"Pakistan must also ask developed countries to take responsibility and provide adaptation plus loss and damage support to the countries and populations bearing the brunt of climate change," he said.

Climate-fuelled hunger doubles

From record droughts to catastrophic floods, the world's worst climate hotspots are seeing a surge in acute hunger, according to an Oxfam report that called on rich nations to drastically cut their emissions and compensate low-income countries.

The analysis, "Hunger in a heating world," found that acute hunger had risen 123 percent over six years in the ten most-affected nations, defined by most number of UN weather appeals.

"The effects of severe weather events are already being felt," Lia Lindsey, Oxfam America's senior humanitarian policy advisory told AFP, adding the report was timed to pressure world leaders at the UN General Assembly to act.

The countries -- Somalia, Haiti, Djibouti, Kenya, Niger, Afghanistan, Guatemala, Madagascar, Burkina Faso and Zimbabwe -- have repeatedly been battered by extreme weather over the last two decades.

An estimated 48 million people across those countries suffer acute hunger, defined as hunger resulting from a shock and causing risks to lives and livelihoods and based on reports compiled by the World Food Programme.

That figure is up from 21 million people in 2016; 18 million people are on the brink of starvation.

The report acknowledges the complexity surrounding the causes of global hunger, with conflict and economic disruption -- including those from the Covid-19 pandemic -- remaining key drivers.

"However, these new and worsening weather extremes are increasingly peeling away the abilities of poor people particularly in low-income countries to stave off hunger and cope with the next shock," it said.

Somalia, for example, is facing its worst drought on record, forcing one million people to flee their homes.

Climate change is also causing more frequent and intense heat waves and other extreme weather including floods, which covered one-third of Pakistan, washing away crops and topsoil and destroying farming infrastructure.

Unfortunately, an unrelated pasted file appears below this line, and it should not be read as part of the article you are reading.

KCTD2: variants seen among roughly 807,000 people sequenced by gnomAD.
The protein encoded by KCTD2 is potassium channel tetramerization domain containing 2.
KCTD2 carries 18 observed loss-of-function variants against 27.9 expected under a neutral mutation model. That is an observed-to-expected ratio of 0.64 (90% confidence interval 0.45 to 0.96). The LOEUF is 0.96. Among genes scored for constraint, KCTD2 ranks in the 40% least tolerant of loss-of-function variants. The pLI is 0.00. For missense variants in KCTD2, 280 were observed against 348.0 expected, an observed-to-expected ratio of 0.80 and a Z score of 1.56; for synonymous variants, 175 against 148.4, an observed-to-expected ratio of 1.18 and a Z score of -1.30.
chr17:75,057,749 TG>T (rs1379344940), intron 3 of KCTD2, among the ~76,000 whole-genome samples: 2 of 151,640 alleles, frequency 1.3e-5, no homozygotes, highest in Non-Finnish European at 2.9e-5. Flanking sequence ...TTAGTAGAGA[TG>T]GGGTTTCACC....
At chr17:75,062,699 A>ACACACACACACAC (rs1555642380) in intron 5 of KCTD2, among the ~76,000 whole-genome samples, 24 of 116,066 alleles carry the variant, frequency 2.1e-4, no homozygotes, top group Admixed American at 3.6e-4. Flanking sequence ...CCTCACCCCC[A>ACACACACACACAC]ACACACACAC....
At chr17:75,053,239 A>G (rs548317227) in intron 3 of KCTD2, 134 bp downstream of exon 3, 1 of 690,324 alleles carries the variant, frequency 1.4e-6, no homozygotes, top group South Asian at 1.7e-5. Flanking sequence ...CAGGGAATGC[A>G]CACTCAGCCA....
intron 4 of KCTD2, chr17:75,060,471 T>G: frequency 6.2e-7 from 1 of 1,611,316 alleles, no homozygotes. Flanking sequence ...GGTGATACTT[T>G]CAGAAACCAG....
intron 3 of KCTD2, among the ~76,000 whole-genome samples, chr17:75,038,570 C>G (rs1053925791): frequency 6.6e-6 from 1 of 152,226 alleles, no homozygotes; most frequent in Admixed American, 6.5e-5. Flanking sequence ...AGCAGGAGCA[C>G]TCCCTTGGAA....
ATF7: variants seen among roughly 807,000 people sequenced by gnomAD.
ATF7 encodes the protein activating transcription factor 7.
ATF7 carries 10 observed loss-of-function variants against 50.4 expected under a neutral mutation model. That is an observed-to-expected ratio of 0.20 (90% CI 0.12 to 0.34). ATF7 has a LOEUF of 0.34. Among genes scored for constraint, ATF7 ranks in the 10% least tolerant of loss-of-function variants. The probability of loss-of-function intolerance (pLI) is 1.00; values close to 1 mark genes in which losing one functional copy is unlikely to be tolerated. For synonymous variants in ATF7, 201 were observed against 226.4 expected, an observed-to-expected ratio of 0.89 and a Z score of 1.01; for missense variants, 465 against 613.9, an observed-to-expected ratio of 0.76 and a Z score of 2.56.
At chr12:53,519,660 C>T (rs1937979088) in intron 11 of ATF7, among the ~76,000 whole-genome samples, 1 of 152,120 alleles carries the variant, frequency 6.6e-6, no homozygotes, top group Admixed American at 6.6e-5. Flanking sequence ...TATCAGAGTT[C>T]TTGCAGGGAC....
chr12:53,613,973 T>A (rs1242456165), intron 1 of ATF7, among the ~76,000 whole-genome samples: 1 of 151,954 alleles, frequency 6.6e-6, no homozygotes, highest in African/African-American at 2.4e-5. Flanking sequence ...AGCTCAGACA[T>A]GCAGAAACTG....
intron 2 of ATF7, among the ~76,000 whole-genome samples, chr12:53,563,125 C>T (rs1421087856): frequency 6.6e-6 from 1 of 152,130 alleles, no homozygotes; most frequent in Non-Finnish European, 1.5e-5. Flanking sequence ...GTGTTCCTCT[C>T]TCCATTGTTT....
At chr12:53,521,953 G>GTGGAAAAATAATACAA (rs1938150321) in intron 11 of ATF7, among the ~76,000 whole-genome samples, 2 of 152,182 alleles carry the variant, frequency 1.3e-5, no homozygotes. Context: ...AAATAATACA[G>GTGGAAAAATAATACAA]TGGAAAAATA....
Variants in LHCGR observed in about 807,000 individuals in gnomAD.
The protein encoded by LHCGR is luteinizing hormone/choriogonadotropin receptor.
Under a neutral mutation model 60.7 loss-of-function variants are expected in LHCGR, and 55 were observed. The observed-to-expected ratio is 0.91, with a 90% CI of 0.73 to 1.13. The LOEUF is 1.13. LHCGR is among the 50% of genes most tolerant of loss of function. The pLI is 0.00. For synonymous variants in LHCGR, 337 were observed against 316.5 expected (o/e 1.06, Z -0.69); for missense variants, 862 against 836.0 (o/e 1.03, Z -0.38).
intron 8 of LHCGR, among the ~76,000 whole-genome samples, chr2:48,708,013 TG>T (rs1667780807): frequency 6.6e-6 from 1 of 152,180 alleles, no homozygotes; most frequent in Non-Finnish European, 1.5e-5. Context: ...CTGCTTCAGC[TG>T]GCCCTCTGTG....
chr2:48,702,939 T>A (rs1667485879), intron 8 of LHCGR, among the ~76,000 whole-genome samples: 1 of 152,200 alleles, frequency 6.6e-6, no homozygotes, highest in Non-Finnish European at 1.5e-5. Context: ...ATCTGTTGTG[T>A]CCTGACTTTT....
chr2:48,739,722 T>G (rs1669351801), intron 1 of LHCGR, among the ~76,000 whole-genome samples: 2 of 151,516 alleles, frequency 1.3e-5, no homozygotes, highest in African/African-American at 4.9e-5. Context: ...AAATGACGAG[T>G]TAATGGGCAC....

In Guatemala, weather conditions have contributed to the loss of close to 80 percent of the maize harvest, as well as causing a "coffee crisis" in the region that has hit vulnerable communities hardest and forced many to migrate to the United States.

- 'Obligation, not charity' -

Oxfam stressed that climate-fuelled hunger is a "stark demonstration of global inequality," with the countries least responsible for the crisis suffering most from its impact.

Polluting industrialized nations such as those of the G20 are responsible for more than three-quarters of the world's carbon emissions, while the 10 climate hotspots are collectively responsible for just 0.13 percent.

"Leaders especially of rich polluting countries must live up to their promises to cut emissions," said Gabriela Bucher, Oxfam International executive director, in a statement.

"They must pay for adaptation measures and loss-and-damage in low-income countries, as well as immediately inject lifesaving funds to meet the UN appeal to respond to the most impacted countries."

The UN humanitarian appeal for 2022 comes to $49 billion, which Oxfam noted was equivalent to less than 18 days of profit for fossil fuel companies, when looking at average daily profits over the last 50 years.

Canceling debt can also help governments free up resources, said Bucher, with rich countries holding a moral responsibility to compensate poorer, most-affected countries.

"This is an ethical obligation, not charity," she said.